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Biosimilars and Pharmacovigilance: What’s Ahead
Posted on May 20th, 2016 by Betsy Davis in Pharmacovigilance
In our first blog in this series, we drew from a recent IMS report to demonstrate the market potential of biosimilars. But that same report also summarizes the “risks” to realizing that potential, including payer policies that hamper competition; reimbursement issues; and insufficient education and evidence to support physician decision making.
Stakeholders reportedly believe that the delay in embracing biosimilars in the US is due mainly to regulatory issues, though Medicare’s reimbursement policy—paying physicians and hospital outpatient departments the average sales price of a drug plus 6% — doesn’t help; that policy provides an incentive to prescribe more expensive drugs, while one of the benefits of biosimilars is lower cost.
A Medicare Part B reimbursement model proposed last month could make a difference—although right now, according to a report released April 12 by Avalere, Medicare beneficiaries are likely to pay more for biosimilars than for their reference product.
Reimbursement issues and other considerations regarding prescribing of and access to biosimilars and reimbursement are likely to affect market growth, at least in the short term. In addition, the FDA’s lack of clarity regarding interchangeability has led some clinicians to question the safety of biosimilars, noting that even if additional clinical data is required for approval, long-term data is still lacking. The implication for pharmacovigilance, as noted in our second blog, is to be proactive by gathering and keeping all available safety data about the reference drug and of any biosimilars in development by your company or others.
As these issues play out, some believe a “new wave” of biobetter drugs might push biosimilars aside. A recent IBM presentation suggests that biobetters are superior to both biologics and biosimilars, and notes that close to two dozen biobetters currently are in development.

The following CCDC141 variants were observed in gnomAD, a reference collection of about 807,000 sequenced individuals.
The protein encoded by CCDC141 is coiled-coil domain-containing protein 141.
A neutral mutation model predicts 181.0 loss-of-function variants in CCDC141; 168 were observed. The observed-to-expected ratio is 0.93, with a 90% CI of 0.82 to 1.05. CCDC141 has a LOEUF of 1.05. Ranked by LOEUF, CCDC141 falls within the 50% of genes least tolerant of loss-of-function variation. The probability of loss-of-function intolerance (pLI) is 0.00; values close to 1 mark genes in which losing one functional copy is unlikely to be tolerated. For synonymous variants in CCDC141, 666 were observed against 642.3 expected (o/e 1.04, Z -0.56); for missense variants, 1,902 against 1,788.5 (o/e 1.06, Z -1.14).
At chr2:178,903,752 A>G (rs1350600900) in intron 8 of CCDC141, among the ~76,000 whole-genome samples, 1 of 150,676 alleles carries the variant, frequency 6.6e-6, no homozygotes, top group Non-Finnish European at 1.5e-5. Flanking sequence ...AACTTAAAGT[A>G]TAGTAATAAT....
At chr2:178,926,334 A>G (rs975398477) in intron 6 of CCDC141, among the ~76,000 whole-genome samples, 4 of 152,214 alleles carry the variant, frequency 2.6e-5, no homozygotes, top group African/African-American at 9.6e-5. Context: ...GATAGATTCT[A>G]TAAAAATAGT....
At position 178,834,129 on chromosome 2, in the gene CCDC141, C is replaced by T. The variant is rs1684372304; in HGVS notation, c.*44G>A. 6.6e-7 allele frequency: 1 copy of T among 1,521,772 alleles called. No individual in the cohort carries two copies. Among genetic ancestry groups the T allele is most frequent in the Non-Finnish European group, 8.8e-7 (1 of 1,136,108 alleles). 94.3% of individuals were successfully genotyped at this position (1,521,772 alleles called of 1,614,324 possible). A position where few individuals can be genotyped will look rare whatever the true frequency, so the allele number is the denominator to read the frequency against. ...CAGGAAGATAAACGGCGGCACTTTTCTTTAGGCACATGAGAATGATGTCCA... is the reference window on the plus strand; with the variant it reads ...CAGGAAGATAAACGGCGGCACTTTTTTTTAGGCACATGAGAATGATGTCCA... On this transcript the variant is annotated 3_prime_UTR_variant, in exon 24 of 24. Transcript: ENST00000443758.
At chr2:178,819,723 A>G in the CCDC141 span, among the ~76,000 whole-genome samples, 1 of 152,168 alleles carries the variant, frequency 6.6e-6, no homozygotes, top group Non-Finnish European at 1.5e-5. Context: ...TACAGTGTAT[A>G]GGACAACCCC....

A biobetter is in the same class as an existing biologic but is not identical to it; instead, it’s “engineered with improvements,” such as a longer duration of action. That said, biobetters are essentially new entities and must go through the same approval process as any new biologic; savings to companies are primarily in early stage R&D —and, as new entities, biobetters are patentable for 12 years.
Pharmacovigilance for a second-generation biologic is likely to be simpler than for for a biosimilar, especially if companies inform the development of that biologic based on what was learned from developing the original product. Companies that did not produce the original product need to be proactive to obtain as much information about that biologic as possible, not only from the literature, but from clinical trials data and regulatory reports.
Despite the challenges inherent in bringing biosimilars into the real world and potential competition from biobetters, evidence suggests the biosimilar market will continue to grow. A recent analysis of 234 peer-reviewed articles and conference contributions showed a shift in the attitude of the scientific community from skeptical to positive over the past decade. The findings, along with current and emerging regulatory frameworks and technological improvements in the production of biosimilars suggest that biosimilars are “destined to become an integral part of medical care in the future…”
Having a robust pharmacovigilance program in place to inform biosimilar product development and handle the demands of adverse event tracking and reporting will position companies to take advantage of the emerging market.
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